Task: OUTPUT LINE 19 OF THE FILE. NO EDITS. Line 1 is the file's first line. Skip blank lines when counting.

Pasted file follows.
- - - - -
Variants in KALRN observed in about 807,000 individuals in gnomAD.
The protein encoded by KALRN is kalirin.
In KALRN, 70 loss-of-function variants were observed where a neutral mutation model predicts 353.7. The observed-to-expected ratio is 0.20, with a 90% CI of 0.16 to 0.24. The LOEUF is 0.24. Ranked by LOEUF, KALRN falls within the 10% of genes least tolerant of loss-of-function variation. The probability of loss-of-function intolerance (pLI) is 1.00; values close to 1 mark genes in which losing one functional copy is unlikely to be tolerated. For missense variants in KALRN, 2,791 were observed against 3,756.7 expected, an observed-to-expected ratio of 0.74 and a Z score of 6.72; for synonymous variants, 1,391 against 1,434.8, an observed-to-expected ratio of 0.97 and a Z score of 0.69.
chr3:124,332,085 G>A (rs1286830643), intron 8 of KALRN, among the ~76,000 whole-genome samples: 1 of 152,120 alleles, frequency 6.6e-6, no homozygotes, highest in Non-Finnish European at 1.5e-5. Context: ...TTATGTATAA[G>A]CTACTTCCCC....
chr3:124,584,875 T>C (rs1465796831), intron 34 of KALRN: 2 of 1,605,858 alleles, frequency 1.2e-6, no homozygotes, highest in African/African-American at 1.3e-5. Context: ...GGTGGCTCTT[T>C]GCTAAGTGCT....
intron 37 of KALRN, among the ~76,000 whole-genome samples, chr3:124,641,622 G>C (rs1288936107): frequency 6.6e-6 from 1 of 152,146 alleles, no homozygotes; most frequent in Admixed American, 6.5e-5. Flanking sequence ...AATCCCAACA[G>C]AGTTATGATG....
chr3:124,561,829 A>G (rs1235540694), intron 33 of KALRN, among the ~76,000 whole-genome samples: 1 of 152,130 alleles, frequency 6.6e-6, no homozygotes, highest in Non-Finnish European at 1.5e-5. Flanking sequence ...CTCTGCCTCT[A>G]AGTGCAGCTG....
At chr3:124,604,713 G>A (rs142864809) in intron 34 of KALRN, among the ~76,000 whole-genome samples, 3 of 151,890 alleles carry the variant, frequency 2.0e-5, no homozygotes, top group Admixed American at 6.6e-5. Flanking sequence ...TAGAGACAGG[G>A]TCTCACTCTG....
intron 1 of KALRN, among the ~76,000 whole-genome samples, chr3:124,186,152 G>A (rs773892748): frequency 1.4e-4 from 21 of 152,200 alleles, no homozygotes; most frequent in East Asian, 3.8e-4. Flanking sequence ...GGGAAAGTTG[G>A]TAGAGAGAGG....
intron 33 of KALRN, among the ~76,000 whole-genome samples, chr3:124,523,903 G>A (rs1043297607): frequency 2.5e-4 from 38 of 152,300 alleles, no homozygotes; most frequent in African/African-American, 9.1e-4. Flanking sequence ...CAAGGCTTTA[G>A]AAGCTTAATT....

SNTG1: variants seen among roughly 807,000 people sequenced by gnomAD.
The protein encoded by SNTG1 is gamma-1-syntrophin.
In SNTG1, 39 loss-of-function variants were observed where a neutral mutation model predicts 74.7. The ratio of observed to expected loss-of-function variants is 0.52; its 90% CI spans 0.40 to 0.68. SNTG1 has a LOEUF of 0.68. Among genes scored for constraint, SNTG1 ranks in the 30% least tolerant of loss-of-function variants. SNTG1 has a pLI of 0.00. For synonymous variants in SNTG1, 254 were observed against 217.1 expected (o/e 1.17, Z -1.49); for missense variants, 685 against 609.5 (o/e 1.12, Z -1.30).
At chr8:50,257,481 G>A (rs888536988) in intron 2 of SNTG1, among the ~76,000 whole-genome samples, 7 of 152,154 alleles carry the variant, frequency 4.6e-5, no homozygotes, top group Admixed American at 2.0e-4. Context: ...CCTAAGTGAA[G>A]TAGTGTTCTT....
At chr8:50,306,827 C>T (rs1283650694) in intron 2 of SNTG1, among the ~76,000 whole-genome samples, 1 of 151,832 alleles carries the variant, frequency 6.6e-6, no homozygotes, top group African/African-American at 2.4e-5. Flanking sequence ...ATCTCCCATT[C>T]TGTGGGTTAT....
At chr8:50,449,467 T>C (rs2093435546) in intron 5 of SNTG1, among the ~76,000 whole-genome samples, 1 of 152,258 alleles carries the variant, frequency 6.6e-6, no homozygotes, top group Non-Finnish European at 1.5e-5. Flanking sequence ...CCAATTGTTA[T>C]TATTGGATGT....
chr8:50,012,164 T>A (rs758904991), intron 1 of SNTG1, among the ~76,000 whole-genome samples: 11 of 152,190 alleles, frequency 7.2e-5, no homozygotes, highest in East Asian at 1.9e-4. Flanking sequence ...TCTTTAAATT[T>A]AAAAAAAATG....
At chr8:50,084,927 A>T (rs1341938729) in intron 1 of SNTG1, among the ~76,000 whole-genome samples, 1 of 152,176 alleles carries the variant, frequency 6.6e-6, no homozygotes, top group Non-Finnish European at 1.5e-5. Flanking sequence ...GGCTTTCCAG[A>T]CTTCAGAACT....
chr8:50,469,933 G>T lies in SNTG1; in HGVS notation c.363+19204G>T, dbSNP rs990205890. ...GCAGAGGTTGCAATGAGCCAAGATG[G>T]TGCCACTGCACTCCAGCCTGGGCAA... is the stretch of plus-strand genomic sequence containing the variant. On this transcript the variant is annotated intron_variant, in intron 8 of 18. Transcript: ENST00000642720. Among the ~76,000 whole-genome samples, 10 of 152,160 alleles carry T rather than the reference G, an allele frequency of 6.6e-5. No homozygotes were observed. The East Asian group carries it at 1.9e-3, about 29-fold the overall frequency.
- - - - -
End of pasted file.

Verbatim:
chr8:50,469,933 G>T lies in SNTG1; in HGVS notation c.363+19204G>T, dbSNP rs990205890. ...GCAGAGGTTGCAATGAGCCAAGATG[G>T]TGCCACTGCACTCCAGCCTGGGCAA... is the stretch of plus-strand genomic sequence containing the variant. On this transcript the variant is annotated intron_variant, in intron 8 of 18. Transcript: ENST00000642720. Among the ~76,000 whole-genome samples, 10 of 152,160 alleles carry T rather than the reference G, an allele frequency of 6.6e-5. No homozygotes were observed. The East Asian group carries it at 1.9e-3, about 29-fold the overall frequency.